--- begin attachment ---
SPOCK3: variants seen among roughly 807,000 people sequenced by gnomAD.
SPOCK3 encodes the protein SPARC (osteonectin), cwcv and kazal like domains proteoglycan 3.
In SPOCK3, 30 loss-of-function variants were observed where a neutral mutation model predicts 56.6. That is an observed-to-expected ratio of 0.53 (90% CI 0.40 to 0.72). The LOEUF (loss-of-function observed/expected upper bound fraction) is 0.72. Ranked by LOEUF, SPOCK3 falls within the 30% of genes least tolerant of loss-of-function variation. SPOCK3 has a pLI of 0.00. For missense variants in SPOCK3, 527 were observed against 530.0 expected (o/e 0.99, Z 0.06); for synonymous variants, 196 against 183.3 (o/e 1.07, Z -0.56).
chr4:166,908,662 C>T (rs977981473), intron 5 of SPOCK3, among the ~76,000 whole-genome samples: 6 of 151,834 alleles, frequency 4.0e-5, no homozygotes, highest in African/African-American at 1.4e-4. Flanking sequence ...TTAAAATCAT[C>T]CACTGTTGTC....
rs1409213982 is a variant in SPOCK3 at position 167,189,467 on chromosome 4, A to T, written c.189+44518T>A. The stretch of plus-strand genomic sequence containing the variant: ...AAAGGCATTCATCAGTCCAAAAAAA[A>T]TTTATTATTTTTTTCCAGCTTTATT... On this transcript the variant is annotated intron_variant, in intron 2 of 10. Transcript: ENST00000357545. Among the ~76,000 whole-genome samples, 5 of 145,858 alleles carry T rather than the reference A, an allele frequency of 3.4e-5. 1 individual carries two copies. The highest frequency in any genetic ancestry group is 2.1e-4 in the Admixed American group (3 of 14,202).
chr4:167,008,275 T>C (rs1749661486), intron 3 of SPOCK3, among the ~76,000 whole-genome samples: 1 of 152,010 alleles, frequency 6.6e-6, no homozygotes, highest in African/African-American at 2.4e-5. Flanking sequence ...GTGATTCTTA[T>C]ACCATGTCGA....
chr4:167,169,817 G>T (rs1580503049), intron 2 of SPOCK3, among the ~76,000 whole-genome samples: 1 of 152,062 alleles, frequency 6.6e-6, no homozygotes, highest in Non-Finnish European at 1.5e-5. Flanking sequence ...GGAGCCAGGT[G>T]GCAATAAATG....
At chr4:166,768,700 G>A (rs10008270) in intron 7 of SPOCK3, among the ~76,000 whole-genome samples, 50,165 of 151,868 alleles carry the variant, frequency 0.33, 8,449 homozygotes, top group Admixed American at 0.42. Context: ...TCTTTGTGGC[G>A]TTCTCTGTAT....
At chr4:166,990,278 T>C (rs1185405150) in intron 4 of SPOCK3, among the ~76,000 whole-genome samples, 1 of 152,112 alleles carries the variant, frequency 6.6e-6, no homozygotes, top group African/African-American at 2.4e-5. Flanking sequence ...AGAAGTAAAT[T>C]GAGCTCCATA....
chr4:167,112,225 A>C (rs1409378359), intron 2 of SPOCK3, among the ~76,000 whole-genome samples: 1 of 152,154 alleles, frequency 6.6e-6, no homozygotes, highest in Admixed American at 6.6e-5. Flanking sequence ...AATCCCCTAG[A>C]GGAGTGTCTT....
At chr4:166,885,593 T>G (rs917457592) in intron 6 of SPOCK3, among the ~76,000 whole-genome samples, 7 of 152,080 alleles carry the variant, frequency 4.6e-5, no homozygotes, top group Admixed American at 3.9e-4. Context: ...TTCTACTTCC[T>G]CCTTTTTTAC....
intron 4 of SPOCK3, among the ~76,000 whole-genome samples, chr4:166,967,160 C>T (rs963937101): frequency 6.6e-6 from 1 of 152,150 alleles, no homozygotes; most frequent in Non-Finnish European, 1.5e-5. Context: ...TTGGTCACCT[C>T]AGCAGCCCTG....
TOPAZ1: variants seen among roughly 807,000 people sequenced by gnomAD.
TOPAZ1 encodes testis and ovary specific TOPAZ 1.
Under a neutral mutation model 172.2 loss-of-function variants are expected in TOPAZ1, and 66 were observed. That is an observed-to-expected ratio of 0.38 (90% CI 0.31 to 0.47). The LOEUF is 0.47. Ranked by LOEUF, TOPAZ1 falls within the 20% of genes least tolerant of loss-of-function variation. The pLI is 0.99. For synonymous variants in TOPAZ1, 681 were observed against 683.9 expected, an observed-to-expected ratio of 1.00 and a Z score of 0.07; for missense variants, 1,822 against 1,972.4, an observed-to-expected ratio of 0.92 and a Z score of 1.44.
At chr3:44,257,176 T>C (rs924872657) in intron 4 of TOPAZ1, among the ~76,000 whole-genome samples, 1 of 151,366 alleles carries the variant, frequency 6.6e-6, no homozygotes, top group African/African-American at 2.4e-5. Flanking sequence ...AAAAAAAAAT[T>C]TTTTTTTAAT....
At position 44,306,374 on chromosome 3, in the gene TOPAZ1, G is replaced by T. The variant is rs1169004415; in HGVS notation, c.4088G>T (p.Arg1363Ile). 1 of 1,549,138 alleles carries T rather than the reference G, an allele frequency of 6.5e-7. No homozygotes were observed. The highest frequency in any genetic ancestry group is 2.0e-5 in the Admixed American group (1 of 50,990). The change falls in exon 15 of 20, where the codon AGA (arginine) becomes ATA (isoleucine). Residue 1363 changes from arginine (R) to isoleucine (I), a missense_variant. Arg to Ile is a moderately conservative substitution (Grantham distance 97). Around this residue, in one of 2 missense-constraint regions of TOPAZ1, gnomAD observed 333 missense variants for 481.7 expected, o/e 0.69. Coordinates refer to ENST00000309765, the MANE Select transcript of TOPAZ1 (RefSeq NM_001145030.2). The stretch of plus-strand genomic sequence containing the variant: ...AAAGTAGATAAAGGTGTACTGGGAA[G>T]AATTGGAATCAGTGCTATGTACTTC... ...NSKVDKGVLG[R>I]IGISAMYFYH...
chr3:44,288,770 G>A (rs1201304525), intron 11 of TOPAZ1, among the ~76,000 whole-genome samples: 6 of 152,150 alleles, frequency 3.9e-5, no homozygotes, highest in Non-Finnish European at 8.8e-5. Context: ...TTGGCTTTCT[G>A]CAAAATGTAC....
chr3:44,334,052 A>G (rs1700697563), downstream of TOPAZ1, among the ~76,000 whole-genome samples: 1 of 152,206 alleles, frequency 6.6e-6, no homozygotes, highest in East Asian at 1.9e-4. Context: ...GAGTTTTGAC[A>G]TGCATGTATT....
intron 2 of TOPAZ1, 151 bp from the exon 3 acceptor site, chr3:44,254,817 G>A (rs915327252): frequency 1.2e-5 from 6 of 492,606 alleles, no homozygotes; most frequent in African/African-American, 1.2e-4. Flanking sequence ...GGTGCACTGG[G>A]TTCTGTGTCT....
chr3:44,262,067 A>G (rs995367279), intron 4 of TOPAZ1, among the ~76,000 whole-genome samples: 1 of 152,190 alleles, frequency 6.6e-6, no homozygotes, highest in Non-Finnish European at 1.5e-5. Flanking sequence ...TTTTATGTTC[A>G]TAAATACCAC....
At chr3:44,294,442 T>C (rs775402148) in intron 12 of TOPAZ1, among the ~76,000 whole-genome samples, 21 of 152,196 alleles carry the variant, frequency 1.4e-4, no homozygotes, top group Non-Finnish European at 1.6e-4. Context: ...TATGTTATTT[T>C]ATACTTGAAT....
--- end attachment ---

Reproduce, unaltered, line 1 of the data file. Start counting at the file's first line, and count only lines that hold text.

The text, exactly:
SPOCK3: variants seen among roughly 807,000 people sequenced by gnomAD.